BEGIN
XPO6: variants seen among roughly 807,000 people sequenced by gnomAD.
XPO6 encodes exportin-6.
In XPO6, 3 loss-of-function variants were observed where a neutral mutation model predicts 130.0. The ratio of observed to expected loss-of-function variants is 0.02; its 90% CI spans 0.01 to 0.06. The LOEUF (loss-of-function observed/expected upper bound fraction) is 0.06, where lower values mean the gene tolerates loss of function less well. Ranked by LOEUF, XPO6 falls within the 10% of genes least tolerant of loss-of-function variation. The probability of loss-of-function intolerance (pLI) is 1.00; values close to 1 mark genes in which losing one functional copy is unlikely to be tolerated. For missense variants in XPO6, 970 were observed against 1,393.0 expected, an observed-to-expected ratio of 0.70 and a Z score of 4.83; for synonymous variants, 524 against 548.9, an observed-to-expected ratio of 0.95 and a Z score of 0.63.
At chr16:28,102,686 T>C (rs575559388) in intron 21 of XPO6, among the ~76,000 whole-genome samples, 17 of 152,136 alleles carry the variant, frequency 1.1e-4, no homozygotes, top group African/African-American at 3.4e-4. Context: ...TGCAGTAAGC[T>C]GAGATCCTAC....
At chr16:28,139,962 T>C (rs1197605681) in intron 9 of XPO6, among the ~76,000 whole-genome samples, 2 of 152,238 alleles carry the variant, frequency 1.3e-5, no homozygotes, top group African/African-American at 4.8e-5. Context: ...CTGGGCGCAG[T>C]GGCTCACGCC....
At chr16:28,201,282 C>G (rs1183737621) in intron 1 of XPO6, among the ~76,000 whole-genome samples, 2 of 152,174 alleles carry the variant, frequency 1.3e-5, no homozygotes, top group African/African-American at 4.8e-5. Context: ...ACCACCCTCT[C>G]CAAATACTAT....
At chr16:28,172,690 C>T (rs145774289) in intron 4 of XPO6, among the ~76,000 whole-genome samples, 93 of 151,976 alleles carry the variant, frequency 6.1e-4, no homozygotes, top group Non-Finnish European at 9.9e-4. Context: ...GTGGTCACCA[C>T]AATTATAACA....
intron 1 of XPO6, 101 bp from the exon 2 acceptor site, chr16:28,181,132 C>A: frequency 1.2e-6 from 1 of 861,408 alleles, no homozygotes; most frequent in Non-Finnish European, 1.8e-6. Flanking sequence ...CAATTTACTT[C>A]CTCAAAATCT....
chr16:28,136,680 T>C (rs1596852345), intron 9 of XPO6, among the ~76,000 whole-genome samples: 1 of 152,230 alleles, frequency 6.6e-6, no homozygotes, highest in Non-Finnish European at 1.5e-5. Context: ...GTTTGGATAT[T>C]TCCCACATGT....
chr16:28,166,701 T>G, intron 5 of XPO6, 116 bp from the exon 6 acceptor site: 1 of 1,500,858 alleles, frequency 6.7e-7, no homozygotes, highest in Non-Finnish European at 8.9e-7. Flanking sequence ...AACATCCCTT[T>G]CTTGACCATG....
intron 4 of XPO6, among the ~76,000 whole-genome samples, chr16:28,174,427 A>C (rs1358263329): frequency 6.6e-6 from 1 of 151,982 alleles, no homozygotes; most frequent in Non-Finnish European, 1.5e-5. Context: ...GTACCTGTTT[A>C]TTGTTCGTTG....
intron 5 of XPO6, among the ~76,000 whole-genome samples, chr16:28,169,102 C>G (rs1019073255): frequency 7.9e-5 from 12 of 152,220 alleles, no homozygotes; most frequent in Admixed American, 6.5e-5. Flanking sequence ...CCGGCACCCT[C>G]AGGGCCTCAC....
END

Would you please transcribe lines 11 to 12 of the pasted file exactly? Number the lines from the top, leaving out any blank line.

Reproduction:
intron 4 of XPO6, among the ~76,000 whole-genome samples, chr16:28,174,427 A>C (rs1358263329): frequency 6.6e-6 from 1 of 151,982 alleles, no homozygotes; most frequent in Non-Finnish European, 1.5e-5. Context: ...GTACCTGTTT[A>C]TTGTTCGTTG....
intron 5 of XPO6, among the ~76,000 whole-genome samples, chr16:28,169,102 C>G (rs1019073255): frequency 7.9e-5 from 12 of 152,220 alleles, no homozygotes; most frequent in Admixed American, 6.5e-5. Flanking sequence ...CCGGCACCCT[C>G]AGGGCCTCAC....